The public is misled by statistics for government spending, because this increases GDP by government’s accounting definition, no matter what is built. In reality, if you spend money (use resources) to dig a Keynesian ditch and refill it, then you starve, because the ditch fails to produce the food and other things which you really want.

    Most government spending is false GDP, leading to nothing of value. A temporary accounting recession based on a decrease in this useless “production” is good for the future, not an economic disaster. It is the Keynesian spending which represents midirected resources and fruitless activity.

    ( econlog.econlib.org/archives/2013/01/wasteful_hiring.html )
    When Does Wasteful Hiring Cut Profits?
    01/31/13 – Econlog by Garett Jones
    === ===
    [edited] The boss hires his worthless, unemployed nephew. Does that raise or lower GDP?

    The answer depends on whether the boss is the government or in the private sector.

    [ GDP is measured as the market value of what the company produces, its sales, its income. That income goes to pay for inputs and labor. Whatever is left is profit or loss to the owners.]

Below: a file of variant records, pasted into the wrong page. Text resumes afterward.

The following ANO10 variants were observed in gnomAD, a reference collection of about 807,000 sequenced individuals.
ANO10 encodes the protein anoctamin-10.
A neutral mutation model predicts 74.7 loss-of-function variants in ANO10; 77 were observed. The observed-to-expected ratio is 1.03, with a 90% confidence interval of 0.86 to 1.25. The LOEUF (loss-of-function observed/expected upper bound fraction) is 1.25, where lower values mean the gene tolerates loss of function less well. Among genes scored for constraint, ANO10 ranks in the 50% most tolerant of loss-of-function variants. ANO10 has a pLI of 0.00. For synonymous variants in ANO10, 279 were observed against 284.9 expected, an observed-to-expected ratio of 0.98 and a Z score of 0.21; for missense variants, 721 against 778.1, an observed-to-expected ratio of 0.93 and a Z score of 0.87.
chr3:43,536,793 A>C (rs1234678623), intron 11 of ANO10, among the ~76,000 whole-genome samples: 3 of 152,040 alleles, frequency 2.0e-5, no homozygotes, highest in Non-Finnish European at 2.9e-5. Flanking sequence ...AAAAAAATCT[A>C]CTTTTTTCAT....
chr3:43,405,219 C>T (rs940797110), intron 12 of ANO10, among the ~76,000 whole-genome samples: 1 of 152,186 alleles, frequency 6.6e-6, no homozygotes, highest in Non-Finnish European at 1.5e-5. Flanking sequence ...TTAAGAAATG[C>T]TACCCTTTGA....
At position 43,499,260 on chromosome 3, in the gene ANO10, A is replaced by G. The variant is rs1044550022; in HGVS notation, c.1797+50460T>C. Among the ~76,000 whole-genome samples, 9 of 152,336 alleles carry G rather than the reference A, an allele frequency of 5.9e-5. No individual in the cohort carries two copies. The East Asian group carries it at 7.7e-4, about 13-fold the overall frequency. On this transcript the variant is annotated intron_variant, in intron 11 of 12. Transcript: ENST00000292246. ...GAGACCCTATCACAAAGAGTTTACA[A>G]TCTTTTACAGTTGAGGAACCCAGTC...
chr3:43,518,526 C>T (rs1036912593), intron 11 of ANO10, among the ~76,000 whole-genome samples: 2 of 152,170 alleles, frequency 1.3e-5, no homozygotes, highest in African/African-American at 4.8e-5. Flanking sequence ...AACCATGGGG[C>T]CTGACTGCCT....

GDP = Income = Expenses + Wages + Profits.

    In private hiring, the nephew’s wages go up by say $100K, and profits go down by that amount. GDP doesn’t change merely from hiring and spending on wages. GDP goes up only by what the nephew produces toward increased sales, in this case nothing.

    [ This makes sense. GDP is supposed to measure what is produced. ]

    In government hiring, wages rise by $100K and that is it! Government doesn’t report profits, so it pretends that there is no cost to the hiring, and says GDP has gone up by $100K no matter what is produced.
    === ===

    ( easyopinions.blogspot.com/2013/01/prudent-spending.html )
    Prudent Spending

    The Democrats have increased spending since 2009 by a modest 3% each year, after exploding spending with the $831 billion stimulus of 2009. The “stimulus” was advertized as a one-time kick-start, but it has been repeated each year since 2009, producing our huge deficits.